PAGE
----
The lesson that night

Here, in its original format, is the beautiful poem Jasper's literary arts editor -- Ed Madden -- wrote for The State, published June 17, 2016. We're sharing this iteration here simply to preserve the correct formatting for posterity. 



The lesson that night

for 17 June 2016



     “And these are they likewise which are sown on stony ground.” – Mark 4:16


     “Who are we now?” – Nikky Finney, “A New Day Dawns”



How hot it was that sun-beat week,

watering the yard every day,


the curled leaves and dry ground,

green wings of zinnia breaking the soil.


They sat together around a green table,

prayed, sang, then opened the gospel—


the lesson that night was seed sown

on stony ground. What can we know


of the human heart, entangled in all

that we’ve been taught? A boy from here


sat with them about an hour,

then aimed his hate and opened fire.




How quick we were to act,

focused on that festering flag,


quick to take it down

and move forward, move on—


these aren’t the same.

After weeks of heat, it rained the day


the governor said to take it down.

Are we somehow different now?


How would we know?




We furled a flag. We furled a flag.

A girl was slung across a room,


a man who ran shot in the back.

The broke and broken schools remain.


What has changed, beyond that square

of empty sky where it once flew,


the opened door of clouds and blue?




The lesson that night was stony ground.

Not birds, not thorns, not the good soil.


What grows up quick among the stones.

What has no roots, what withers away.


A friend calls change a perennial plant.

A second year takes nurture and luck.


If it comes back another year,

a better chance that it will stay.


Water well the just-sown and just-up.

Water long in morning light.


Water long and soak the roots

to learn the lesson of that night.


Learn the lesson of that night.



Jasper Literary Editor Ed Madden Reviewed in The State, Salon on Thursday, April 10 @ 7 pm

NEST Join Jasper Magazine - The Word on Columbia Arts on April 10 to hear Columbia poet and Jasper literary arts editor Ed Madden read from his new book of poetry, Nest, just published this spring by Salmon Poetry of Ireland. This will be Ed's first reading from the new book in South Carolina, which was recently reviewed in The State newspaper. Celebrate National Poetry Month with Jasper by joining us for this debut reading!

Join us for drinks at 7 with a reading starting at 7:30 followed by a Q & A with the author. Free.

Nest Snip

More than a dorm for Main Street: how about a residential center for the arts? -- A guest editorial by Jeffrey Day

When I heard that there was a plan afoot to turn the empty and enormous SCANA building at Main and Hampton streets into a dorm for 800 University of South Carolina students, I was worried. The street has just started emerging as a new center of the arts in Columbia and it didn’t seem to me like putting hundreds of random students in the middle of it would help that along. Would the dominating numbers of students completely shape the tone of the street? It seems to me that with that many students, the businesses on the street will cater to them – and who can blame them? Will we end up with a bunch of cheap eating and drinking spots instead of art galleries and boutiques and imaginative restaurants?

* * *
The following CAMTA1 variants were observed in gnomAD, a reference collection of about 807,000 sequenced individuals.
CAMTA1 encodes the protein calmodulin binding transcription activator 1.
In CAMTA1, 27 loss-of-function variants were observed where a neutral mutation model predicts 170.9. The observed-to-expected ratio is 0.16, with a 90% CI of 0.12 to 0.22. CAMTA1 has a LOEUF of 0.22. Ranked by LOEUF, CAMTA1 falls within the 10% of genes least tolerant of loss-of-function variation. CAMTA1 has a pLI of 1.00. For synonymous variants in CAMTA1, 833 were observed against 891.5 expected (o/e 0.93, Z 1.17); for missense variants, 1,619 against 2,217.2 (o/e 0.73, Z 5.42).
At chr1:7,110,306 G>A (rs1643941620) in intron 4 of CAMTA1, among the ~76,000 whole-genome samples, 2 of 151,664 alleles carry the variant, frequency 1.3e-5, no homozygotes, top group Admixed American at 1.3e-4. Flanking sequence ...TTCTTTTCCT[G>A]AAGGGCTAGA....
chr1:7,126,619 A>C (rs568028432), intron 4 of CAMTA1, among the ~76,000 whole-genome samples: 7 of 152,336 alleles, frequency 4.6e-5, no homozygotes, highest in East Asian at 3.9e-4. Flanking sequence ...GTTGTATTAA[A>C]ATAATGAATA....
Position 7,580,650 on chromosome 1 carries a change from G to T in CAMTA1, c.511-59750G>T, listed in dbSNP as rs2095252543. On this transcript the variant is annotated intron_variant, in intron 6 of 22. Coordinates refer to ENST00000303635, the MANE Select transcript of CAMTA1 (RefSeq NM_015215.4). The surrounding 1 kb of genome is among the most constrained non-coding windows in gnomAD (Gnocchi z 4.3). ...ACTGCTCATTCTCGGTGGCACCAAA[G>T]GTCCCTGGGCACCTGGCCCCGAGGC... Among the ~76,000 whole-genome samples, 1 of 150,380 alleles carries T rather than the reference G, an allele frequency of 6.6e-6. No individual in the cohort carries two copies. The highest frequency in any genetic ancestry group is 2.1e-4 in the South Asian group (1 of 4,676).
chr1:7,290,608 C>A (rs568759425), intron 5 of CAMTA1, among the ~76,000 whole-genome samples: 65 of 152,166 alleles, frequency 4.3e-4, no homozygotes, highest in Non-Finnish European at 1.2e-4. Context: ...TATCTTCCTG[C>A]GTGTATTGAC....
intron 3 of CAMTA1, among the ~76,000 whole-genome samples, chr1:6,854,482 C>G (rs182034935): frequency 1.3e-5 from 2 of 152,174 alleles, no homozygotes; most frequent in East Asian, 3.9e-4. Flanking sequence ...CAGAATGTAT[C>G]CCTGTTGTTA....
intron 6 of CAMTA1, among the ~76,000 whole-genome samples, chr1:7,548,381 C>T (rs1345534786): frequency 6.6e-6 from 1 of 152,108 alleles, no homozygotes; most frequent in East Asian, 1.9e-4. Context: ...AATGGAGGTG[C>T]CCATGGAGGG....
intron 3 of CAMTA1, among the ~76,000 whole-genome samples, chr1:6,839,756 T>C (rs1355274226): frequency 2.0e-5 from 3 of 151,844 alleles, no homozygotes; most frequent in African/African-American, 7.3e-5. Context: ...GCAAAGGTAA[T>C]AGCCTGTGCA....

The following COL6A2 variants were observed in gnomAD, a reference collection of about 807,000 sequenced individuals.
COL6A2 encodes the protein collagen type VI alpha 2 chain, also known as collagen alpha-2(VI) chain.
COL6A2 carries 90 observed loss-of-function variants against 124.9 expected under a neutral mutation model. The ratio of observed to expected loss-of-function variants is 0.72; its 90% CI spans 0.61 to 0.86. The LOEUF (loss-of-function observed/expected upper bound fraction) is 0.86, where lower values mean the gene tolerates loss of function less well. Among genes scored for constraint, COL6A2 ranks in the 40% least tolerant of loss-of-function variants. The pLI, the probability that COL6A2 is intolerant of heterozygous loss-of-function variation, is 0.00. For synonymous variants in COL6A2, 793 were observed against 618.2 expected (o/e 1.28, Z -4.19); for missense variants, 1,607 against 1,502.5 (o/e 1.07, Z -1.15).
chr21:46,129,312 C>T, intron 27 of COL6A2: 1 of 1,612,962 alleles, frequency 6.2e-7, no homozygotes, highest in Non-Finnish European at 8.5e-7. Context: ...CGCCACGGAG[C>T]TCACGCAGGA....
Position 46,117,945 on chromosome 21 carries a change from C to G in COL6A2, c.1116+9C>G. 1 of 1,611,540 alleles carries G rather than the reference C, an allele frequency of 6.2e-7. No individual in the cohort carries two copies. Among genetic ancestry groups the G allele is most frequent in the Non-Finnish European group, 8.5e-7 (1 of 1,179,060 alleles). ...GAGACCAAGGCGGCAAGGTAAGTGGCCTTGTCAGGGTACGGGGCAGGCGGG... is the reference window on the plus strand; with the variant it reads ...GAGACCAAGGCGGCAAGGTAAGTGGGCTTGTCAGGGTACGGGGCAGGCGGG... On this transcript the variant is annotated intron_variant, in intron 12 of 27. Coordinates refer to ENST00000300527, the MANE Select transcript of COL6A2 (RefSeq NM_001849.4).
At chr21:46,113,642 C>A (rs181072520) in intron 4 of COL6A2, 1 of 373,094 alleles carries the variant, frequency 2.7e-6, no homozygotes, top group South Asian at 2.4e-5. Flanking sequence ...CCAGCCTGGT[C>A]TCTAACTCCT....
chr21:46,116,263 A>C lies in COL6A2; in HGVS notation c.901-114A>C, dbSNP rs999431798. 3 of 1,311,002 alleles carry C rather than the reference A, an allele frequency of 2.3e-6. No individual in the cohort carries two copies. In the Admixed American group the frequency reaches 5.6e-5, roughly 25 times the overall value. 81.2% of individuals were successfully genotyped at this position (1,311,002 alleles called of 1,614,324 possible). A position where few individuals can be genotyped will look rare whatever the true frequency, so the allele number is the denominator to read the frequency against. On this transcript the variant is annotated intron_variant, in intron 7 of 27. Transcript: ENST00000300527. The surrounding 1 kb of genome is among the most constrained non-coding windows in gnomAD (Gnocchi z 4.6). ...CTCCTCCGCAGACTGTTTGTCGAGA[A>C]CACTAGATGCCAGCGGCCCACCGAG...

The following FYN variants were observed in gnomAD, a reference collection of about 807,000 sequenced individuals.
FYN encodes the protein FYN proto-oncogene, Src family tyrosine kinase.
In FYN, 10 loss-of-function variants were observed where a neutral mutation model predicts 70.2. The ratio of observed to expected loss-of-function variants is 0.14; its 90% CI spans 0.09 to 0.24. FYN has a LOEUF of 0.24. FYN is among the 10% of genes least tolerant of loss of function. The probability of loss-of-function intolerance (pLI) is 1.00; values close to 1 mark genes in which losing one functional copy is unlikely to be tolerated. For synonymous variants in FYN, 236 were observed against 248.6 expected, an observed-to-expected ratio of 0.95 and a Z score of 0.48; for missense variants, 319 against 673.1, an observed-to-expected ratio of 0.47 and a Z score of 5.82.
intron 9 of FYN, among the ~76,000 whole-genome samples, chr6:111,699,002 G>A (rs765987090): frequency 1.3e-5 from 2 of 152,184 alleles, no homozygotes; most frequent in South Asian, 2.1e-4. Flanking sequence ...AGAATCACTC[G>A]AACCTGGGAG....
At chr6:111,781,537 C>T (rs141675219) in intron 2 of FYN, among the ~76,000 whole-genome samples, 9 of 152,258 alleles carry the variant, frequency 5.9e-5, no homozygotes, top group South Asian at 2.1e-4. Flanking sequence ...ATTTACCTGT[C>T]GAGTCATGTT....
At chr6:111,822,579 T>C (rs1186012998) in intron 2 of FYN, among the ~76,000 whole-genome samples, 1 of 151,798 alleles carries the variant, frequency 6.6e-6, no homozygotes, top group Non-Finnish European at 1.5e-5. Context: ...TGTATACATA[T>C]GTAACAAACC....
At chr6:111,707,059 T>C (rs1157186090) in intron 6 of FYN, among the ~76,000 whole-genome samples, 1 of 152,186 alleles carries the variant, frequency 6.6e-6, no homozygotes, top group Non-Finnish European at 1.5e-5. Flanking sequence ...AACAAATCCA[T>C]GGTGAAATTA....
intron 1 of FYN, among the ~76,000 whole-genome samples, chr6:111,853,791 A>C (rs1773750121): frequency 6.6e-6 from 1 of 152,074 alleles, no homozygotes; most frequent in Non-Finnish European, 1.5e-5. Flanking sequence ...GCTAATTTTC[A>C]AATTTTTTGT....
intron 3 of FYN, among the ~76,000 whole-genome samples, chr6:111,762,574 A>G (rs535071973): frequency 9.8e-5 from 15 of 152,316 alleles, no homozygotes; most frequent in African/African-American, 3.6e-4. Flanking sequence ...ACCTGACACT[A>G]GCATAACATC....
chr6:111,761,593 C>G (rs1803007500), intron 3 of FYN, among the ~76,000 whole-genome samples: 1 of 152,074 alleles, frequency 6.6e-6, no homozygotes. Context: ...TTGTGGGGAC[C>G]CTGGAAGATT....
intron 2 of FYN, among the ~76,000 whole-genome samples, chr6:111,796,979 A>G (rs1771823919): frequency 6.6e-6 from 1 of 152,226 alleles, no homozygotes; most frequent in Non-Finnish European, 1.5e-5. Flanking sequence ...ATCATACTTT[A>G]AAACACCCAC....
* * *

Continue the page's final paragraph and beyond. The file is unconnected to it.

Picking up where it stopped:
My concerns do not appear to be shared by others in the city, including those who run the art spots on Main Street, and the city has approved the plan. So Main Street is going to get 800 students.

How about we get the right 800 students? And by that I mean students who will benefit from being on Main Street and be beneficial to it. My suggestion is that the building not simply be a dorm, but a residential center for the Arts and Humanities. Along with serving as a home for art, music, theater, dance, writing, film-making students (and maybe even faculty members) the meeting rooms and a huge lobby can be transformed into alternative performance, rehearsal and gallery space and badly needed student and faculty studios. The center could be a gathering place where students and faculty in the various arts areas could interact - something that too rarely takes place at the university. It would also be a one-stop shop where the public could learn about all the great artists and arts programs at the university. More conversations among the art students and faculty with the larger arts community and the general public would be an eye-opening – and yes, educational – experience for all involved.

For art, dance, theater, film, music and writing students the location is perfect.

Just across the intersection is the Columbia Museum of Art where they can see art from the past 2,000 years as well as hear some significant classical music concerts along with more rockin’ sorts of things like Arts and Draughts.

They could wander up and down the street to see what’s happening in the emerging art venues such as Frame of Mind, Anastasia & Friends Gallery, S & S Art Supply, the Studios at the Arcade, and the Tapp’s Art Center.

They can duck into the Nickelodeon Theater to take in an independent film, stick around for an audience discussion and maybe show some of their own movies.

The Richland County library is only a block away and just beyond that the art galleries of the Congaree Vista.

They can pick up art supplies right on Main Street or over on Lincoln.

They can walk to the river and think.

They can head down to the State House and think about running for office –  some artists in office would be nice.

Rather than being a place for students to store their stuff and get some sleep, this project has the potential to be something transformative for the university and the city.

-- Jeffrey Day


Jeffrey Day is s a local arts writer and critic who was the arts editor at The State for two decades. You can reach Day by writing to